Ustica Island

Compare ferries from Ustica Island to Sicily

There is currently just the 1 ferry route running between Ustica Island and Sicily operated by 2 ferry companies – Liberty Lines Fast Ferries & Siremar. The Ustica to Palermo ferry crossing operates daily with a scheduled sailing duration from about 1 hour 30 minutes.

Whilst we’ve taken great care to ensure the information on this page is correct, as the frequency and duration of crossings on all routes can vary from time to time we’d advise that you get a live quote for current availability on this Ustica Island Sicily crossing between Ustica and Palermo.

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Ferries from Ustica Island to Sicily

About Ustica Island:

The tiny volcanic island of Ustica measures just 9 kilometres wide and is the oldest of the Sicilian outer archipelago in Italy, approximately 60 kilometres north of Palermo.

The island’s origin and its black, lava-covered exterior determined its name, which is derived from the Latin ‘ustum’, meaning 'burnt'. It has a jagged coastline which shelters a series of wonderful caves and bays, too, as well as some magnificent, sparkling grottoes.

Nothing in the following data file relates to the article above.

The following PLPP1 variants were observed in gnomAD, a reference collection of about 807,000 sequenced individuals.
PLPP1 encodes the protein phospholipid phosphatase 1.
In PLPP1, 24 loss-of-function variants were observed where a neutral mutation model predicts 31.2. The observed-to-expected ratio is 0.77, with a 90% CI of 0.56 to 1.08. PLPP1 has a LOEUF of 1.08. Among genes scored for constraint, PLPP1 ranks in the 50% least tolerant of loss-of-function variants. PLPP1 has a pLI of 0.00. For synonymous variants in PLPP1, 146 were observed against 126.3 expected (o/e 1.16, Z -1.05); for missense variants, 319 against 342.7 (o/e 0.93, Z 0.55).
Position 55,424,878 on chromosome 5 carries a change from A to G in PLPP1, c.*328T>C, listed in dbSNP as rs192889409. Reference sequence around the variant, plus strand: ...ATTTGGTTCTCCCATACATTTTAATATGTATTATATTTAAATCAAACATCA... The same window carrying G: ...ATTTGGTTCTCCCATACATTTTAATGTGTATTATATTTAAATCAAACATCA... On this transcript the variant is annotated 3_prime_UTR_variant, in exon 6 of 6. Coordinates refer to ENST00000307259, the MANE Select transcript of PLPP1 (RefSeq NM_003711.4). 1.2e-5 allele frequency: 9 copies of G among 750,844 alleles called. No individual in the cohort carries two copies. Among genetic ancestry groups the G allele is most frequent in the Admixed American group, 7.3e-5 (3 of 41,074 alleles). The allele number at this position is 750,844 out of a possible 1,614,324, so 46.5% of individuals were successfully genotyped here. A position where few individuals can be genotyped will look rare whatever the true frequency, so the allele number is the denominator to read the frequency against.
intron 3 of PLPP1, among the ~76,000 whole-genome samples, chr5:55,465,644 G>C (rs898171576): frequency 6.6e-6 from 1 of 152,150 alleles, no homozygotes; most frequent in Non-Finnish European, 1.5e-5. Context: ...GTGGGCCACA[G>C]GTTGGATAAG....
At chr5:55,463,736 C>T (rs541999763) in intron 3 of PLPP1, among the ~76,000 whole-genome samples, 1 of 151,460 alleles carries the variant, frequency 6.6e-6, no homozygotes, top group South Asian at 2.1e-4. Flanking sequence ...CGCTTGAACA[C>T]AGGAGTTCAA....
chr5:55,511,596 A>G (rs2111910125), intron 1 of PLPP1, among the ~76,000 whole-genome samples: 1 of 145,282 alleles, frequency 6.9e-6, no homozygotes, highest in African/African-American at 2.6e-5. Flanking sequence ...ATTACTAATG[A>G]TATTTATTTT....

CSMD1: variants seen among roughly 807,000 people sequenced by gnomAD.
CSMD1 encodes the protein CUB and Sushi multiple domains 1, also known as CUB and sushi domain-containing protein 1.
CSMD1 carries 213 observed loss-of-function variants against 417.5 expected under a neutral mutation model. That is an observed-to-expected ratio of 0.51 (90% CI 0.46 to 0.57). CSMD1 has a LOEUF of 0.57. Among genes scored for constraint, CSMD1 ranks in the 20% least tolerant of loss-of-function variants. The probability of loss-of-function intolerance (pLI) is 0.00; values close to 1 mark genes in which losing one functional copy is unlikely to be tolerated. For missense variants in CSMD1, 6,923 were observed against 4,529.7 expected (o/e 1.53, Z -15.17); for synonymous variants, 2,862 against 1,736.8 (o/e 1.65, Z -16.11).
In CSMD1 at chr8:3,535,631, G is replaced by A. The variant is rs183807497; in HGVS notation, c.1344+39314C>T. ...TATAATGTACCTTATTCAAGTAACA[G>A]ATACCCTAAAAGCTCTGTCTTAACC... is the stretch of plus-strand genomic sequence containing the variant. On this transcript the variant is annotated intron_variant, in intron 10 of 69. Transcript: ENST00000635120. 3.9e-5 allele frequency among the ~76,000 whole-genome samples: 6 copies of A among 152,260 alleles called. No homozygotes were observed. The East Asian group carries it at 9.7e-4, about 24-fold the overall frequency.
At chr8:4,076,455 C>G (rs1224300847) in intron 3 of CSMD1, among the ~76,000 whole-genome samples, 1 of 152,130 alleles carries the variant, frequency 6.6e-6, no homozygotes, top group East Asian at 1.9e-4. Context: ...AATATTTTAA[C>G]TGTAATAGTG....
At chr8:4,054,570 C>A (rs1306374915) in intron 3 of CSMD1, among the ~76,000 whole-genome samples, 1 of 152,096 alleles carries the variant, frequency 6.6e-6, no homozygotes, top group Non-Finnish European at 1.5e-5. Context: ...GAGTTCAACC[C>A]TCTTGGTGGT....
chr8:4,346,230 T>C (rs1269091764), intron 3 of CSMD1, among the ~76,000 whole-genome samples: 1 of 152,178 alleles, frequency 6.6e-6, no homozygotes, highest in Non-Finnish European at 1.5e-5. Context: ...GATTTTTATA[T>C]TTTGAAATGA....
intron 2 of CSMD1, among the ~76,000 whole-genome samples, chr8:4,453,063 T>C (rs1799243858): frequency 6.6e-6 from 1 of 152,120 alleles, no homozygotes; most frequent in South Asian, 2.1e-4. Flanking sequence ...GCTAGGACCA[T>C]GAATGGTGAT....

Also, the surrounding waters are a protected marine area, which makes Ustica a popular spot for scuba divers and snorkelers who flock here for the deep dives, colourful fish, coral reef and excellent visibility.

Ustica Island is a popular holiday destination for Italians, so there are numerous crossings back to Sicily, operated by a popular local ferry company. You to sail to either Palermo on the Sicilian north coast or Tapani which is further west.

About Sicily:

The island of Sicily, located off the south coast of Italy is the largest of the numerous Italian islands and is surrounded by the Ionian, Tyrrhenian and Mediterranean Seas.

Parts of Sicily are on the same latitude as the coast of North African which results in a mild climate that makes the island an attractive year round destination, not just with domestic visitors from mainland Italy but abroad too. As with many of the Italian islands, the tourist season peaks in the summer months.

On Sicily's eastern coast you’ll find Mount Etna, the greatest active volcano in Europe and undoubtedly one of the regions attractions.

Perhaps in part due to its geographical location, but in the main because of its obvious attraction as a destination, Sicily features a host of regular ferry connections with neighbouring islands and the Italian mainland as well as international connections with the likes of Malta and Tunisia.